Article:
These events include the Gethsemane struggle; the arrest following the traitorous kiss by Judas; the illegal midnight trial be-fore the high priest and some members of the Sanhedrin ---- the high court of that time and place; the early morning trial before Pontius Pilate, the Roman governor; the desertion by the remaining 11 disciples ---- including Simon Peter's triple denial that he knew Jesus; derision and abuse by the Roman soldiers; the scourgings; the derisive crown of thorns; the exhausting trek to Mount Calvary; and the crowning ignominy ---- crucifixion between two common criminals. If we need a graphic portrayal of the difficulties leading to and the sufferings experienced during the fourth initiation, here we have them spelled out for us in capital letters of love and pain.

And we must include Jesus' compassionate cry from that cross: ''Father forgive them for they know not what they do,'' and His agonized cry, ''my God, my God, why hast thou forsaken me?'' Some theologians, lacking understanding, have asserted He was merely quoting a psalm, and thus have tried to deny the crucial nature of this cry. He was indeed quoting from the first sentence of what we have labeled Psalm 22. But in so doing, He was uttering the agonized cry of the fourth-degree initiate when, as we are told, all help ---- objective and subjective ---- is removed momentarily so that the initiate finds it necessary to come unaided through that crucial stage of utter loneliness. But because He came through it successfully, He was able also to speak those final victorious words from the cross: ''It is finished, '' and ''Father, into thy hands I commend my spirit.'' Thus what was seen by the plotters against Jesus as the crowning ignominy turned out to be His crowning victory.

Two more aspects of the symbolism involved must be emphasized. One, already touched upon, is the prayer, ''Father, not my will but thine be done.'' We, aspirants and disciples who have not advanced that far along the path, may indeed utter this prayer with our lips and our intellects. But it reaches a true level of complete commitment to the divine will at this fourth initiation. Then it is fully effective, and so the secrets and the power of the Father's will (involving the Monad within) become truly operative. From this point on, the initiate effectively channels not only the light and love of God but also the will. Note that these are the three aspects of the higher life we are reaching for in the first three stanzas of the Great Invocation.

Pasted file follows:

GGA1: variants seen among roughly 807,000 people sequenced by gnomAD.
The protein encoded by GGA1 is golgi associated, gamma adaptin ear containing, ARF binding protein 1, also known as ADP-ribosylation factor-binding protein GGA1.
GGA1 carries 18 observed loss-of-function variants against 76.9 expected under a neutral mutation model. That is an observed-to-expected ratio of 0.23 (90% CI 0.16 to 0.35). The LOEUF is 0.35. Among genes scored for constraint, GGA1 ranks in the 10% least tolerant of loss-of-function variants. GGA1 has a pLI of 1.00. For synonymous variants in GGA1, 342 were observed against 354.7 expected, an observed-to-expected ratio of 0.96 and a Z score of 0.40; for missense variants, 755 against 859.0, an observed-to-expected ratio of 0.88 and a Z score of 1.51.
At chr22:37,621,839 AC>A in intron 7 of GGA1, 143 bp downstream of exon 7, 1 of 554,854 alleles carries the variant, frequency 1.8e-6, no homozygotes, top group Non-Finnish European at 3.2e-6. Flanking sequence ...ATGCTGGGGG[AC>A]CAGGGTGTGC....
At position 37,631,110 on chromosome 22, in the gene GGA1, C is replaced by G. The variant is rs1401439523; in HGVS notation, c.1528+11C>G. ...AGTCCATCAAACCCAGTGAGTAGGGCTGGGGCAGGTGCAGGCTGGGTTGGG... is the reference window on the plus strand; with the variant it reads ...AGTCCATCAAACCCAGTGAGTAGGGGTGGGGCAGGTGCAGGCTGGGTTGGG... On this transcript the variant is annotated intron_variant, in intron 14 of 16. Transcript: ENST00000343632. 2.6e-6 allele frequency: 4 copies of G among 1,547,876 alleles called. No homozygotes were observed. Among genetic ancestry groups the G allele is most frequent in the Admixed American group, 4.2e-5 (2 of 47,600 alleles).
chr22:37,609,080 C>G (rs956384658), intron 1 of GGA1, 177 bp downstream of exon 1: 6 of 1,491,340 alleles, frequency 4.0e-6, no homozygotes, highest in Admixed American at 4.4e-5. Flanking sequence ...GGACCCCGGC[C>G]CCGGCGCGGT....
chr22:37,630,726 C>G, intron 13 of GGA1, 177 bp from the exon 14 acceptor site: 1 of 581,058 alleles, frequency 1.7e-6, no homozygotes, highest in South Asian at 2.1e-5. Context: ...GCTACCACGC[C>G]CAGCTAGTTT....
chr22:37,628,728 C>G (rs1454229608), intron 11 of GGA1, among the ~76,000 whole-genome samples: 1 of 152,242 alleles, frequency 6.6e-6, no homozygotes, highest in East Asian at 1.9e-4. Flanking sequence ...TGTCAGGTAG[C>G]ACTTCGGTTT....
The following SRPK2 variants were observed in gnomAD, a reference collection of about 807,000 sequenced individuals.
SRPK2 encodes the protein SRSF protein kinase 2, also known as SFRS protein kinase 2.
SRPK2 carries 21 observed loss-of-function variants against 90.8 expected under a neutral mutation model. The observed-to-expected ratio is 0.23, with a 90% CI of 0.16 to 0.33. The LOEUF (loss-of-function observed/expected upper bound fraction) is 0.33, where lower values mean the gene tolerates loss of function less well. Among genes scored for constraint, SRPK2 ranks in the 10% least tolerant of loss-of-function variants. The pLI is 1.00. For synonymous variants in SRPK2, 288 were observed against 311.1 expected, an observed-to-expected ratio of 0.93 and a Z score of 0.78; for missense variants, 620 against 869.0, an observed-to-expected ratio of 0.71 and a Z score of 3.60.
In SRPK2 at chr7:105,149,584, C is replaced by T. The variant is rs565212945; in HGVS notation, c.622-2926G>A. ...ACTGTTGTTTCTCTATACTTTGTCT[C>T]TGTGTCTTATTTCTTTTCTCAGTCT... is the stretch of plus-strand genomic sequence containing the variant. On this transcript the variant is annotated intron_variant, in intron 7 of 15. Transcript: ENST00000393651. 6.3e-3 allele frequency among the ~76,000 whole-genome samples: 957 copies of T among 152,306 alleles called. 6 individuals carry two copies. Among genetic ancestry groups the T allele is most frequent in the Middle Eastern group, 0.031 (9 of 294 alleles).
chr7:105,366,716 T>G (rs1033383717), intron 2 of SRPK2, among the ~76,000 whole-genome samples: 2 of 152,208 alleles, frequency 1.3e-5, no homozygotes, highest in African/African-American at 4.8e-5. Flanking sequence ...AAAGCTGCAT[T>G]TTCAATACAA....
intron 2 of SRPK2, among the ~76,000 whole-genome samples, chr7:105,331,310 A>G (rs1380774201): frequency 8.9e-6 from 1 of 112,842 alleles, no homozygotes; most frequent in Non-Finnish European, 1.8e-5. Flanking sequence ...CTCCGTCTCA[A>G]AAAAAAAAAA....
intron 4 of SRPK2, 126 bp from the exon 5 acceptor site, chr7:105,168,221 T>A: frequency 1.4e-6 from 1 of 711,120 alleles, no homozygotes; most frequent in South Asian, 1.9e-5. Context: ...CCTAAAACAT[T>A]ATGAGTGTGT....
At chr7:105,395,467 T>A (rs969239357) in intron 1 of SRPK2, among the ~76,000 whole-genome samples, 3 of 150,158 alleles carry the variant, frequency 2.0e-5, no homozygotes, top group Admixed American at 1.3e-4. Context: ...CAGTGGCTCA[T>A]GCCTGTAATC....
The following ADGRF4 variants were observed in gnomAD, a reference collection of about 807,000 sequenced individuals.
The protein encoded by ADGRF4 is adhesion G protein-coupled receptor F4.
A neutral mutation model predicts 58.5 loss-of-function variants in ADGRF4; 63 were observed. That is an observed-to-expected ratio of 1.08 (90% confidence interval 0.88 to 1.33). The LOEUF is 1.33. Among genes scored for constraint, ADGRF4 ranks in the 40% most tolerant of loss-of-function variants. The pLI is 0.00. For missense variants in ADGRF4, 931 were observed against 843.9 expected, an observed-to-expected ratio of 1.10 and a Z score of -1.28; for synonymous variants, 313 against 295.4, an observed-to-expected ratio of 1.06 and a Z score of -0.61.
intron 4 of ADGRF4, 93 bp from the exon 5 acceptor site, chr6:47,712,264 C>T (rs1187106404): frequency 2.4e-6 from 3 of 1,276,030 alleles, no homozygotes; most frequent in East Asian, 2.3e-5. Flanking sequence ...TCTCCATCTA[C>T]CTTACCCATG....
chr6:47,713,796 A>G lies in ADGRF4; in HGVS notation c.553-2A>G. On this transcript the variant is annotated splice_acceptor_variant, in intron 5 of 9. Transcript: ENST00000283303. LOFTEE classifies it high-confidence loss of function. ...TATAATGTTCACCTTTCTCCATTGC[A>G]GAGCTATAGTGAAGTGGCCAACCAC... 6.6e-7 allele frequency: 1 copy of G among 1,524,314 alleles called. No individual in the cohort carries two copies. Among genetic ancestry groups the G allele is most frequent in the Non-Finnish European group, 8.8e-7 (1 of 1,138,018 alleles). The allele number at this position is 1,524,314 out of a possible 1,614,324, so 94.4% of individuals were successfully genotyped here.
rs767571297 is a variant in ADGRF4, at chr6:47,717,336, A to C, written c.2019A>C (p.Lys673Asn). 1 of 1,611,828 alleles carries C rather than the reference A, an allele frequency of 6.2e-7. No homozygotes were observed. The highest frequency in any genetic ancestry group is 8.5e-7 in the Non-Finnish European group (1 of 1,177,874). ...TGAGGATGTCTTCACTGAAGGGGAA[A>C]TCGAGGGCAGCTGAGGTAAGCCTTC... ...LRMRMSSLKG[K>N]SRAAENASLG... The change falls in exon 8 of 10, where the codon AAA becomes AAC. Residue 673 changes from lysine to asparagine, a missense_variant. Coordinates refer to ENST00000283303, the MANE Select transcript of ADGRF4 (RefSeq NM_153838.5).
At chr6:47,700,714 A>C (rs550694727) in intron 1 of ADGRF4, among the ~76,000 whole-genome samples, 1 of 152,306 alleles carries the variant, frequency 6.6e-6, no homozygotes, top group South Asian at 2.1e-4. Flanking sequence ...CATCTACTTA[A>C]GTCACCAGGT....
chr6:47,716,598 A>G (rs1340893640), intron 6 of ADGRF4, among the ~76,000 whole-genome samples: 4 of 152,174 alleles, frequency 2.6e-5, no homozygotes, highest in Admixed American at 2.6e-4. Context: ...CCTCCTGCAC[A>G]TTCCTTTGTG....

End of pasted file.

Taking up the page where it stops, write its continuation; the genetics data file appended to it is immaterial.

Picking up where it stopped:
The other crucial symbol given us in the gospel account of the Great Renunciation was that at the time of the crucifixion, ''the veil of the temple was rent in twain, from top to bottom.'' What was this veil? In the temple at Jerusalem it was the partition that separated the outer part of the temple from the inner Holy of Holies, as it was called. Esoterically this is a most appropriate symbol. For during the experience of the Great Renunciation the veil of separation between the individual and the inner sanctuary of the Monad ---- the Father within ---- is removed.

So from that experience onward we will have access to the inner mysteries and powers of life to an amazing degree, such as we have not known before. For when we reach that summit the Waiting Ones know we will utilize these mysteries and powers, not only in completely unselfish ways but in such a manner that great benefit will accrue to humanity. It is hoped that, as we contemplate these tremendous happenings, we will be strengthened and encouraged to take our next steps on the path with love, joy and courage. As the Christ is saying to us through Benjamin Creme (Message No. 130):‘‘My Truth kindles a new Light in men.  My Aim is sure. My Spirit is blithe... Take My hand, My friends, and let Me lead you over the river.  Let Me guide you over the narrow bridge.  Let Me show you the beauty which rests on the other side.  That beauty, My friends, is your true Self.  Help Me, My friends, to help you, and together let us transform this world.’’


This article is a chapter from The Joy of Christ's Coming This book by the late Rev. Howard Ray Carey was published by Share International Foundation in 1988. It is not currently available in hard copy form. Copyright © Share International Foundation.  Biblical quotations are taken from the Revised Standard version unless otherwise indicated. 


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First published April 1999, Last modified: 15-Oct-2005